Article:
During the middle ages, monasteries used water for the preparation of food, for sanitation, for rituals and also for industrial production. For these purposes monks or their workmen dug wells and tunnelled into hillsides to locate sources of water. They diverted streams and built complex conduit systems in order to bring fresh water to their site. They also constructed interconnected drains and large sewers to remove used and excess water from their precincts. Study of the ways in which a monastery managed its water resources thus touches on many aspects of its ritual and daily life.

Study of Saint-Jean's water management system reveals four major phases of development and modification over the course of the nearly one thousand year history of the site. Of the first phase at Saint-Jean, extending from the foundation to c.1200, the information recovered is limited and suggests that water management on site was relatively modest in scope and rather traditional. As we will see, however, the earliest phase of the abbey’s water management is best documented off-site in the Crise river valley where the community had mills and a fishpond.

The second, thirteenth-century phase completely transformed the earlier system and was decisive for water management throughout the rest of the abbey's history. This new system included a new, nearly two kilometer-long siphon-powered aqueduct that brought fresh water to the site as well as extensive, stone-built sewers to remove used water from the precincts. Saint-Jean is among the four or five medieval monastic sites known to have been engaged in long-distance siphon engineering during the late eleventh, twelfth and thirteenth centuries.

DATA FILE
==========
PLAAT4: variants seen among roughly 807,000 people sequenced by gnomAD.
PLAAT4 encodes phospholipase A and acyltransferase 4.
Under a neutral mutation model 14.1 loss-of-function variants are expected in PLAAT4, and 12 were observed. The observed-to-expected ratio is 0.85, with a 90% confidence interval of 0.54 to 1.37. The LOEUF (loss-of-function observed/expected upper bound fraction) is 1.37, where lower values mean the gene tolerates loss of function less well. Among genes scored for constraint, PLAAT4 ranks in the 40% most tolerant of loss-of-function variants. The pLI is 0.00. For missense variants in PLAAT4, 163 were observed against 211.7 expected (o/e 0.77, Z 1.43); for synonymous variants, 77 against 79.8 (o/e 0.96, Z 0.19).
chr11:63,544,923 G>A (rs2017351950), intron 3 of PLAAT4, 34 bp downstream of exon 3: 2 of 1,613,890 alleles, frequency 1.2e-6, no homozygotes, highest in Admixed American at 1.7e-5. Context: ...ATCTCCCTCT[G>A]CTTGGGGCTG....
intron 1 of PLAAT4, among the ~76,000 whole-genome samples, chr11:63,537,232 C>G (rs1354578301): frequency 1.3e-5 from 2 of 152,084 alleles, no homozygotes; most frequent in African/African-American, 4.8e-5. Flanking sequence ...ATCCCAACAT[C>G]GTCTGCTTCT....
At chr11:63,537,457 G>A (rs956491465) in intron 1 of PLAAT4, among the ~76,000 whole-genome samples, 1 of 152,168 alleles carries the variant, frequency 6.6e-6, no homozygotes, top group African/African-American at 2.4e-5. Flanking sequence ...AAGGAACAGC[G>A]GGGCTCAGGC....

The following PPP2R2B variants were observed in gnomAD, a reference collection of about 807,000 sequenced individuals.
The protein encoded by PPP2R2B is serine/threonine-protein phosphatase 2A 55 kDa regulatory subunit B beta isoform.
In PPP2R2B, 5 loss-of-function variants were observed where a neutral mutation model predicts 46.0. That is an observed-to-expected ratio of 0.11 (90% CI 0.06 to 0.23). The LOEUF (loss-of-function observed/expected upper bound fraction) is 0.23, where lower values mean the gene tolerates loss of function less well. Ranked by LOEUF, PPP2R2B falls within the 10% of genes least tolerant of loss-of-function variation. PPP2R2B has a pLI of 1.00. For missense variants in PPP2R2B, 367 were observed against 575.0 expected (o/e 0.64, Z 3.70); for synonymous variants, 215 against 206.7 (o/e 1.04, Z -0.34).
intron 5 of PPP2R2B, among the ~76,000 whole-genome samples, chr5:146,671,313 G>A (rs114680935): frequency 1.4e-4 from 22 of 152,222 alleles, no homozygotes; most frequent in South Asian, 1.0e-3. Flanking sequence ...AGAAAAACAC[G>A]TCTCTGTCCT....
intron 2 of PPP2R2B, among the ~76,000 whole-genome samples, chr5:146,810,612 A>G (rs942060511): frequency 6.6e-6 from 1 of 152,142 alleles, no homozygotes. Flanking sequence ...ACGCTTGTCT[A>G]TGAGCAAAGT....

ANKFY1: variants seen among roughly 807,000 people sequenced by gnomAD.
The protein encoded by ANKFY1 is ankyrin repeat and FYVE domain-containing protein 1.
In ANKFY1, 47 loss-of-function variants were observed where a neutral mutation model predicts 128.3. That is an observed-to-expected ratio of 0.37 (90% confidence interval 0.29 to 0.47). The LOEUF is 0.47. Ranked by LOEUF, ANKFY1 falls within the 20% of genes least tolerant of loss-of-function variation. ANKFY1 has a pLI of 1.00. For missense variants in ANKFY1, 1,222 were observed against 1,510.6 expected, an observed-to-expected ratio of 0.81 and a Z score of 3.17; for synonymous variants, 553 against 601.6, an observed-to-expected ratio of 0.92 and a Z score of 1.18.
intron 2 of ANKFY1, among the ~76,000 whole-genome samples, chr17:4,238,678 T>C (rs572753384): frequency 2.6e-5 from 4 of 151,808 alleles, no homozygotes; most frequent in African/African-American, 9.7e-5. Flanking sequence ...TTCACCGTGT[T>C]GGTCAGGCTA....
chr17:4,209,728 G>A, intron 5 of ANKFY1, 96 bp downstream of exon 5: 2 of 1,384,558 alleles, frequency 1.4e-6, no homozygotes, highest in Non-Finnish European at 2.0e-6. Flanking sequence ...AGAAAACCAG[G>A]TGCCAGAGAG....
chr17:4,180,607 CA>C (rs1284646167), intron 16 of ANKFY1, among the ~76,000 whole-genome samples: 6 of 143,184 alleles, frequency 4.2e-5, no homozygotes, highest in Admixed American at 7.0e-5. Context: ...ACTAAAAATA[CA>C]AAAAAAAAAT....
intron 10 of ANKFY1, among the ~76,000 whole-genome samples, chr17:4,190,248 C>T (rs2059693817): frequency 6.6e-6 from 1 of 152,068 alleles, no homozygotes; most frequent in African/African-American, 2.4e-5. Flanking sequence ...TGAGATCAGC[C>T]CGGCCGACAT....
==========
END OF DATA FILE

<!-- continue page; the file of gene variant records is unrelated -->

The third phase of water management at Saint-Jean-des-Vignes, corresponding to the Catholic Reformation, transformed this liturgical and functional system into a decorative and functional one.

By c.1230 at the latest, the canons of Saint-Jean-des-Vignes possessed two springs. The first spring is not mentioned in any medieval or post-medieval document known to us. That spring, however, is, however, still visible as an outdoor fountain located about 100 meters to the west of the abbey, within the precincts of the former military base opposite the Gothic façade. It may have been in the abbey’s possession from its foundation.

Charter evidence suggests that, sometime before 1230, the canons acquired a second, more powerful, spring located nearly 2 kilometers southeast of the precincts, at the foot of Mont Sainte-Geneviève. During the next two decades an aqueduct was constructed to bring its fresh water into the abbey for the kitchen, for the lavabo in the cloister and perhaps for the garden zone east of the claustral buildings. New vaulted sewers, one of them integral with the new latrines and flushed by water from the old spring, were also constructed to evacuate used and excess rainwater.